The resurgence of the refining industry over the past few years has been dramatic. As I’ve mentioned in previous columns, production levels have reached totals not seen since the late 1980s and still increase. In 2012, total US production was almost 2.4 billion barrels, with 2013 rising to quite 2.7 billion. Us still relies on imports to satisfy about 40% of petroleum needs, but the rise in domestic supplies has helped reduce dependency on foreign oil and improve the US trade situation. In fact, the US is probably going to be the highest producer within the world by the top of the year.
All of this exploration and production activity generates a considerable economic stimulus. We recently analyzed the economic benefits of oil and gas drilling and exploration activity within us and major energy-producing states. Here are some highlights from the study.
A primary reason for growth within the industry is technological advancements including horizontal drilling and hydraulic fracturing. Which have unlocked previously unrecoverable oil and gas reserves in shale plays? Early experiments in hydraulic fracturing began within the 1980s, but it had been decades later before the technique developed (and prices increased) to the purpose of creating drilling within shale plays economically feasible. With horizontal drilling and better exploration tools, the nation’s shale plays became primary sources of the latest production. These advances have also allowed for the rejuvenation of wells in older fields, further enhancing activity within the industry.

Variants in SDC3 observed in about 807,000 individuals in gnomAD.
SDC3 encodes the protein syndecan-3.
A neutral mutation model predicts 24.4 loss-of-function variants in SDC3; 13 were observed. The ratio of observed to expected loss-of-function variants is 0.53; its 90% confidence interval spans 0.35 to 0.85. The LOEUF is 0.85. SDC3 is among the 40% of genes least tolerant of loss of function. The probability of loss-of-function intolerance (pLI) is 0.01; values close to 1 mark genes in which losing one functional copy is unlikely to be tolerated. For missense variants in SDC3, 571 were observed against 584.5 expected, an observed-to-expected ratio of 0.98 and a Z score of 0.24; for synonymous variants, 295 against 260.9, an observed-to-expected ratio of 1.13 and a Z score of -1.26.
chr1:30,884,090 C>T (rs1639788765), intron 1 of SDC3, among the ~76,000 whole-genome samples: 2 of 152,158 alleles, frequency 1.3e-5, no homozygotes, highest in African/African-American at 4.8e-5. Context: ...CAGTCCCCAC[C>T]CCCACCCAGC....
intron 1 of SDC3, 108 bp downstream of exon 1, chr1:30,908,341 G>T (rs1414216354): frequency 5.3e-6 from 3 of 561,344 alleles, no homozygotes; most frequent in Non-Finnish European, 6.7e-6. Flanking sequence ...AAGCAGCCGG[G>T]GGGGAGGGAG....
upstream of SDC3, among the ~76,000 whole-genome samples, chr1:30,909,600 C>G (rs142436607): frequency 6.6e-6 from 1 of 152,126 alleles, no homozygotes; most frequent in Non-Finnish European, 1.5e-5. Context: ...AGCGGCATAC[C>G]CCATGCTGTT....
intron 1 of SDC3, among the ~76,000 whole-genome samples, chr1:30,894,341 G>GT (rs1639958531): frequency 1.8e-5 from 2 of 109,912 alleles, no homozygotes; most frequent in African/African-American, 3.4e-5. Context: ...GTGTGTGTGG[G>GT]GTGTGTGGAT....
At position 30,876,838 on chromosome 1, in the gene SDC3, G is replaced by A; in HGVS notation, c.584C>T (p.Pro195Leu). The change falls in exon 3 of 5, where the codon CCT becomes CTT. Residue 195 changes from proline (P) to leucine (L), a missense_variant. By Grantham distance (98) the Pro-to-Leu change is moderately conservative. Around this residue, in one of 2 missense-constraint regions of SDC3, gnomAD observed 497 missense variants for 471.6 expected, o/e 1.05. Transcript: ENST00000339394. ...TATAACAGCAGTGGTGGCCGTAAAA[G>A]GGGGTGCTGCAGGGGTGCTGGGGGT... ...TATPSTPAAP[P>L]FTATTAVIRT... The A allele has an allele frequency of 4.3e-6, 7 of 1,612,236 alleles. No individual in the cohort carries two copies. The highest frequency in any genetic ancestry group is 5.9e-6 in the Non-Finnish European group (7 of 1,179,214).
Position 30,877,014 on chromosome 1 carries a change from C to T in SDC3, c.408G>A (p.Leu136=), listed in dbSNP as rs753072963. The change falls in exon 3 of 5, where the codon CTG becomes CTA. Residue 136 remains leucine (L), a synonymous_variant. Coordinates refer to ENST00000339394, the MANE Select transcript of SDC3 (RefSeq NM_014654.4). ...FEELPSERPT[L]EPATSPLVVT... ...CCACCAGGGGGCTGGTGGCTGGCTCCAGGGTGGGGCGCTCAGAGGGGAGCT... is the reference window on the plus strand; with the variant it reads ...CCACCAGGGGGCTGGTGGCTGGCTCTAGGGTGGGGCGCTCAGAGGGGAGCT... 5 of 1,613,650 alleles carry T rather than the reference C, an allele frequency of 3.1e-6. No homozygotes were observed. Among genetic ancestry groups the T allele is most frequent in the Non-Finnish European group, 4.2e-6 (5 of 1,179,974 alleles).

The oil surge has also been important to the economic recovery from the recent recession. While market conditions and price levels are currently less favorable to extensive gas exploration. There’s nonetheless a big level of investment in developing gas resources. Although direct employment within the industry may be a small percentage of total jobs, the work is usually well paying. Moreover, the ripple effects through the economy of this high value-added industry are large, especially in states which have a considerable concentration of support services ready to meet the requirements of oil and gas companies. We estimated the direct investment in oil and gas exploration and production (including various oilfield support activities), then quantified the entire economic benefits of this activity when multiplier effects through the economy are considered.